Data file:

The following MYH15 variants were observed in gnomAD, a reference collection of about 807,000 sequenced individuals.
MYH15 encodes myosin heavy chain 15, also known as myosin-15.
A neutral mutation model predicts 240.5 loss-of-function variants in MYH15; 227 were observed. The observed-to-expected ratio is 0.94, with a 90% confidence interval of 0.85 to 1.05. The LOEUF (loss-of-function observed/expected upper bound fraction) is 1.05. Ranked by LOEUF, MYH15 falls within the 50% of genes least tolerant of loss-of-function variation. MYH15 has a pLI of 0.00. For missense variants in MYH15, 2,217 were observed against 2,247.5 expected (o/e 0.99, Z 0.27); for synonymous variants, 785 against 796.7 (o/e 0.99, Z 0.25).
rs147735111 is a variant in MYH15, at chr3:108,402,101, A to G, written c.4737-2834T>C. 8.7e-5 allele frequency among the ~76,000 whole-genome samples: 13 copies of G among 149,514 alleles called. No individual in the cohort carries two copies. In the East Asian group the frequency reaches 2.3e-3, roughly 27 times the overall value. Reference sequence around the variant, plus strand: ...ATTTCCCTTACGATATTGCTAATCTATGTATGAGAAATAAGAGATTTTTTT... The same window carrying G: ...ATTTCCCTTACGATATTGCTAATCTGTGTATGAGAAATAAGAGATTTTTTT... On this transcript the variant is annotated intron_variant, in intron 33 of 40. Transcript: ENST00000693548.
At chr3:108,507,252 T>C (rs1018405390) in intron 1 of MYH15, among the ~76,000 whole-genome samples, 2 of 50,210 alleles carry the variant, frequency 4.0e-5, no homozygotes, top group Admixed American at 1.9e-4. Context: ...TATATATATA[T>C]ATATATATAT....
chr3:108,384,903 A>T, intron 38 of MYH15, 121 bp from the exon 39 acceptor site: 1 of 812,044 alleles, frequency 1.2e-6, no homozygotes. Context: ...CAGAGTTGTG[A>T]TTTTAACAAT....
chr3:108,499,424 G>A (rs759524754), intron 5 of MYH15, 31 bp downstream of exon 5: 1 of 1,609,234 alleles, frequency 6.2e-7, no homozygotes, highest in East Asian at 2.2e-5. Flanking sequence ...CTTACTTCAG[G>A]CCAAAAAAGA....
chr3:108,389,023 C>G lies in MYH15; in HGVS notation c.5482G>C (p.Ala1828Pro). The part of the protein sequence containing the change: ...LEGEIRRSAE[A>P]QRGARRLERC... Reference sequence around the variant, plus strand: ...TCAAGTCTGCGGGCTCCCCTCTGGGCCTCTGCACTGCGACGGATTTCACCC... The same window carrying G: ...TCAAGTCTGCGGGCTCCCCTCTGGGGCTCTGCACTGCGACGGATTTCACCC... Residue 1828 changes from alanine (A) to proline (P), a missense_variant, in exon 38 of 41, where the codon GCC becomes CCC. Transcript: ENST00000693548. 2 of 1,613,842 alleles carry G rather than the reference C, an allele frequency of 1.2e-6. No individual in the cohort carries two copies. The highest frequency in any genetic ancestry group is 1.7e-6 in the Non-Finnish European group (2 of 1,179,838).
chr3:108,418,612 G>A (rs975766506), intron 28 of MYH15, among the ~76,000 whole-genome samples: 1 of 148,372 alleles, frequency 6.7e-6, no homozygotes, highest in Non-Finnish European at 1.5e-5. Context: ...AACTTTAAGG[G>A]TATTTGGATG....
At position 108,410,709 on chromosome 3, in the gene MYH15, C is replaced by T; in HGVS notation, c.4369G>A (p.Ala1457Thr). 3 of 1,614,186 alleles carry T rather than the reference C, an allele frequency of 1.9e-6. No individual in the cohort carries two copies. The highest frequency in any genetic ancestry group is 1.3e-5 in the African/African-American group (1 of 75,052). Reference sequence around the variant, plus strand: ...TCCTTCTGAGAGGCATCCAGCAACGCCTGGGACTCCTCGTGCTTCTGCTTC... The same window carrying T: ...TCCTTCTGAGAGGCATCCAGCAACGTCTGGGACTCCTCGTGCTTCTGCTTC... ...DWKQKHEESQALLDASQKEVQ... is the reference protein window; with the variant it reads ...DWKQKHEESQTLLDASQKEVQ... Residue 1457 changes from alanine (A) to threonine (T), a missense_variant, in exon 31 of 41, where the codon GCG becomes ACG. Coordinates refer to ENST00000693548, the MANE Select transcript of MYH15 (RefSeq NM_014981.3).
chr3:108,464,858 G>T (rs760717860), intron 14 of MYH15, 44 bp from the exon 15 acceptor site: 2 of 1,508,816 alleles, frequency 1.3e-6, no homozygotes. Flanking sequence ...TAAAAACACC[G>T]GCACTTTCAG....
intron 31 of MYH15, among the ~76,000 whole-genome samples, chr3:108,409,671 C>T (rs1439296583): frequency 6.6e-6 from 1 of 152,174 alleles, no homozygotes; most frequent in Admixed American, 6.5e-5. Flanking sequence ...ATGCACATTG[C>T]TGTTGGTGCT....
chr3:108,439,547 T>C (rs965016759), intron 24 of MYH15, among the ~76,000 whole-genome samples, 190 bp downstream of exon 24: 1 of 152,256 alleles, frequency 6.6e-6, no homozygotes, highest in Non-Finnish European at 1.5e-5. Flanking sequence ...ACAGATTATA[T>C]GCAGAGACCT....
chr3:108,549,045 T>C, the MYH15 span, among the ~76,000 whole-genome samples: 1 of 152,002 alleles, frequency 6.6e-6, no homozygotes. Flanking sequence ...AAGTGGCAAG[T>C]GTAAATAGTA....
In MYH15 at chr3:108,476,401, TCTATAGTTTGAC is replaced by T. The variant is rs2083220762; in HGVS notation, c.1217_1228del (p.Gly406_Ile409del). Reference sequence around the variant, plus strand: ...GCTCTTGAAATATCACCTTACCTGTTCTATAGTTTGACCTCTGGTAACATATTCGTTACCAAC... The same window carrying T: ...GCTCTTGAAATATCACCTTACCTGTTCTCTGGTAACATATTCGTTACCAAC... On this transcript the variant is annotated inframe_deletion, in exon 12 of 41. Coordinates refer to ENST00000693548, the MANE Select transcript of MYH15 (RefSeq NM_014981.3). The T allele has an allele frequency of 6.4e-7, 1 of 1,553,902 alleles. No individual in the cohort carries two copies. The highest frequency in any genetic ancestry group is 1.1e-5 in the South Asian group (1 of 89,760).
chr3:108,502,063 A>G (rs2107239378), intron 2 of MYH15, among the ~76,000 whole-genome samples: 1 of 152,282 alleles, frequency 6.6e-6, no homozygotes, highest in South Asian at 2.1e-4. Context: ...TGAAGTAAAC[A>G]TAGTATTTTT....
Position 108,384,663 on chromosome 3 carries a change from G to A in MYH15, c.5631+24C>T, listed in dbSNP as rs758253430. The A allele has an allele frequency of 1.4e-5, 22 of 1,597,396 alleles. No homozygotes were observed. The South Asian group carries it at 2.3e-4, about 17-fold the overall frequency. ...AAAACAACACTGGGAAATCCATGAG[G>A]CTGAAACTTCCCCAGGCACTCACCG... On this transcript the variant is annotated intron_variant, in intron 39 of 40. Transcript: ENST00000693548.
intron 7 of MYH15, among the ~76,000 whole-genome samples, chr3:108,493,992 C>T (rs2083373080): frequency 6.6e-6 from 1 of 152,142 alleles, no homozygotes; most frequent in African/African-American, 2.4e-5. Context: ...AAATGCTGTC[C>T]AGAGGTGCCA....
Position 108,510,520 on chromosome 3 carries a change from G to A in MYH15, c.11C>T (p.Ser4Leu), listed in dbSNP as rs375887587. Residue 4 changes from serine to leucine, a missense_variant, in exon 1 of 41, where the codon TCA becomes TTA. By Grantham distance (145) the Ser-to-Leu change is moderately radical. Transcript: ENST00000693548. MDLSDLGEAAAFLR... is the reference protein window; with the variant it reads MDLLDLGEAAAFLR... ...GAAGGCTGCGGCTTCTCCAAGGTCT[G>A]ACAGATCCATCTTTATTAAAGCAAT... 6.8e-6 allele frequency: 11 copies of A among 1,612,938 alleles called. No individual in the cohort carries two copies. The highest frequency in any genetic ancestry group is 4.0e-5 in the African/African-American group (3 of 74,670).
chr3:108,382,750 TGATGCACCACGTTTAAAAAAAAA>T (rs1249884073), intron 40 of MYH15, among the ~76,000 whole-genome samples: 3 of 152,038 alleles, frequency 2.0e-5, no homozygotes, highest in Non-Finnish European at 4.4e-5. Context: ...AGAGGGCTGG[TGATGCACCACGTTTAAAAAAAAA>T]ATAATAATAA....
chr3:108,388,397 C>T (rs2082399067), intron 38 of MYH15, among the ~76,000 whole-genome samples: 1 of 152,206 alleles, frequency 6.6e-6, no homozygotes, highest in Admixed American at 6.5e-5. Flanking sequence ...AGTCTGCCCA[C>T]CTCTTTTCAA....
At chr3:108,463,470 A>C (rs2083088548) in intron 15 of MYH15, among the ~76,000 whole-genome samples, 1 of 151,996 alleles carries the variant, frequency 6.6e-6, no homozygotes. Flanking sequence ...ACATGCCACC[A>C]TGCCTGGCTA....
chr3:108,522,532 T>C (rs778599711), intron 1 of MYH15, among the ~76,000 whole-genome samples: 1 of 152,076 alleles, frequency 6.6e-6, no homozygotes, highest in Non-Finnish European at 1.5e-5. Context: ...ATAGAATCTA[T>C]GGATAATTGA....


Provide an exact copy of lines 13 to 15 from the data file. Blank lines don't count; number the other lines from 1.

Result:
chr3:108,439,547 T>C (rs965016759), intron 24 of MYH15, among the ~76,000 whole-genome samples, 190 bp downstream of exon 24: 1 of 152,256 alleles, frequency 6.6e-6, no homozygotes, highest in Non-Finnish European at 1.5e-5. Flanking sequence ...ACAGATTATA[T>C]GCAGAGACCT....
chr3:108,549,045 T>C, the MYH15 span, among the ~76,000 whole-genome samples: 1 of 152,002 alleles, frequency 6.6e-6, no homozygotes. Flanking sequence ...AAGTGGCAAG[T>C]GTAAATAGTA....
In MYH15 at chr3:108,476,401, TCTATAGTTTGAC is replaced by T. The variant is rs2083220762; in HGVS notation, c.1217_1228del (p.Gly406_Ile409del). Reference sequence around the variant, plus strand: ...GCTCTTGAAATATCACCTTACCTGTTCTATAGTTTGACCTCTGGTAACATATTCGTTACCAAC... The same window carrying T: ...GCTCTTGAAATATCACCTTACCTGTTCTCTGGTAACATATTCGTTACCAAC... On this transcript the variant is annotated inframe_deletion, in exon 12 of 41. Coordinates refer to ENST00000693548, the MANE Select transcript of MYH15 (RefSeq NM_014981.3). The T allele has an allele frequency of 6.4e-7, 1 of 1,553,902 alleles. No individual in the cohort carries two copies. The highest frequency in any genetic ancestry group is 1.1e-5 in the South Asian group (1 of 89,760).